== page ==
Wednesday, April 7, 2010

Wednesday Poetry: "The Voice," by Thomas Hardy

Thomas Hardy (1840-1928) was best known as a novelist, but he wrote those only to make his living. During the last three decades of his life, he turned himself to his true passion, poetry. Hardy claims, "My opinion is that a poet should express the emotion of all the ages and the thought of his own."

"The Voice"
Woman much missed, how you call to me, call to me,
Saying that now you are not as you were
When you had changed from the one who was all to me,
But as at first, when our day was fair.

Can it be you that I hear? Let me view you, then,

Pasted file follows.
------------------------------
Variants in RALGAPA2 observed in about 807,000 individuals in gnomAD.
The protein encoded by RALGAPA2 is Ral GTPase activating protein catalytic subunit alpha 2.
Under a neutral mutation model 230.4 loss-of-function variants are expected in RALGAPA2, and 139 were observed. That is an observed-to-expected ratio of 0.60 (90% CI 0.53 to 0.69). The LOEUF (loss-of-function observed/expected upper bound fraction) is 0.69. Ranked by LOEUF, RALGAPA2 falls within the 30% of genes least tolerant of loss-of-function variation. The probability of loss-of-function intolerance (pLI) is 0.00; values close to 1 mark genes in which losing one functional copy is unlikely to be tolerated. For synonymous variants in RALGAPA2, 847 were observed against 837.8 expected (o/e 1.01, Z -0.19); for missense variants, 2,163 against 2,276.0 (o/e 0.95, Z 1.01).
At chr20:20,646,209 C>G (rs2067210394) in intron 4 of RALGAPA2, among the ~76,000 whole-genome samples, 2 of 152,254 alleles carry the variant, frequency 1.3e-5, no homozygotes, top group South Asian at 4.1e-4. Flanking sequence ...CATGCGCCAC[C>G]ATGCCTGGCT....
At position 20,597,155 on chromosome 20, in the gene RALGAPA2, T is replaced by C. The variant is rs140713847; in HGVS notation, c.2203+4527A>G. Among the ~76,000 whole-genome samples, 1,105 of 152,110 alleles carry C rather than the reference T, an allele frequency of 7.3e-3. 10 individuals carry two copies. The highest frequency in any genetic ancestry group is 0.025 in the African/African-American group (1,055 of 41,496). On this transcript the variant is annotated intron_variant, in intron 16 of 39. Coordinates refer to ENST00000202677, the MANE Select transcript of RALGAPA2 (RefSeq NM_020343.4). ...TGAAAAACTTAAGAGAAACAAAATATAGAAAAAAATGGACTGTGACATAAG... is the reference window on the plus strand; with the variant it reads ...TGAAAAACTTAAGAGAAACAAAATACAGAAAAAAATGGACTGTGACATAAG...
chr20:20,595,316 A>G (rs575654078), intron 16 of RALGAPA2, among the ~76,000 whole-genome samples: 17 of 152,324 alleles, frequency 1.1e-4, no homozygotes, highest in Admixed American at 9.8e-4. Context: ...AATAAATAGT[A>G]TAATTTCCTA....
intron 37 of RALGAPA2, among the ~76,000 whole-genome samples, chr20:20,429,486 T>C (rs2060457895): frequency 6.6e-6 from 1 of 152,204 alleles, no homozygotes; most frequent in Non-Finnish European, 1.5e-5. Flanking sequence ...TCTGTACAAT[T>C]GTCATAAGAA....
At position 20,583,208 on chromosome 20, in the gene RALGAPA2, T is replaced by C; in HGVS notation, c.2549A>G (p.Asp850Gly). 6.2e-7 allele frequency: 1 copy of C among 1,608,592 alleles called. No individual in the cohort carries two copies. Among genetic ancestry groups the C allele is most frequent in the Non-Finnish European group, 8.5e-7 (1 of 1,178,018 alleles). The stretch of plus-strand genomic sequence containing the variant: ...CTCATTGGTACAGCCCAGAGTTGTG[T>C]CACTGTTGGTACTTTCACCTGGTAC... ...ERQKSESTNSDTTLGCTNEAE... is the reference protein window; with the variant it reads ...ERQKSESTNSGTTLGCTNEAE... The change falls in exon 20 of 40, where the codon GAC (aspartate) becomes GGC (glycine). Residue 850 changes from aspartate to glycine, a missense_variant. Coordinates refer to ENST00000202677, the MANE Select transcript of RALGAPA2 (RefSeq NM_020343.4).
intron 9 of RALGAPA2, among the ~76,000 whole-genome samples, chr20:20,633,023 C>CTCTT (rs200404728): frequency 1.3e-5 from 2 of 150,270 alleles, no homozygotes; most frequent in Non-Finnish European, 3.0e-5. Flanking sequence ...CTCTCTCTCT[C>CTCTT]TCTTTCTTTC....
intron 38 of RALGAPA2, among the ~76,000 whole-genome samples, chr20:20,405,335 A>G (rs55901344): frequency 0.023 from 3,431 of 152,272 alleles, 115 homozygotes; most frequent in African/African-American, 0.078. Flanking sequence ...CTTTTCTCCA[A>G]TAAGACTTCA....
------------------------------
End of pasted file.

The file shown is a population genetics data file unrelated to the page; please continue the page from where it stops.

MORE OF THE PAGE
Standing as when I drew near to the town
Where you would wait for me: yes, as I knew you then,
Even to the original air-blue gown!

Or is it only the breeze in its listlessness
Travelling across the wet mead to me here,
You being ever dissolved to wan wistlessness,
Heard no more again far or near?

Thus I; faltering forward,
Leaves around me falling,
Wind oozing thin through the thorn from norward,
And the woman calling.


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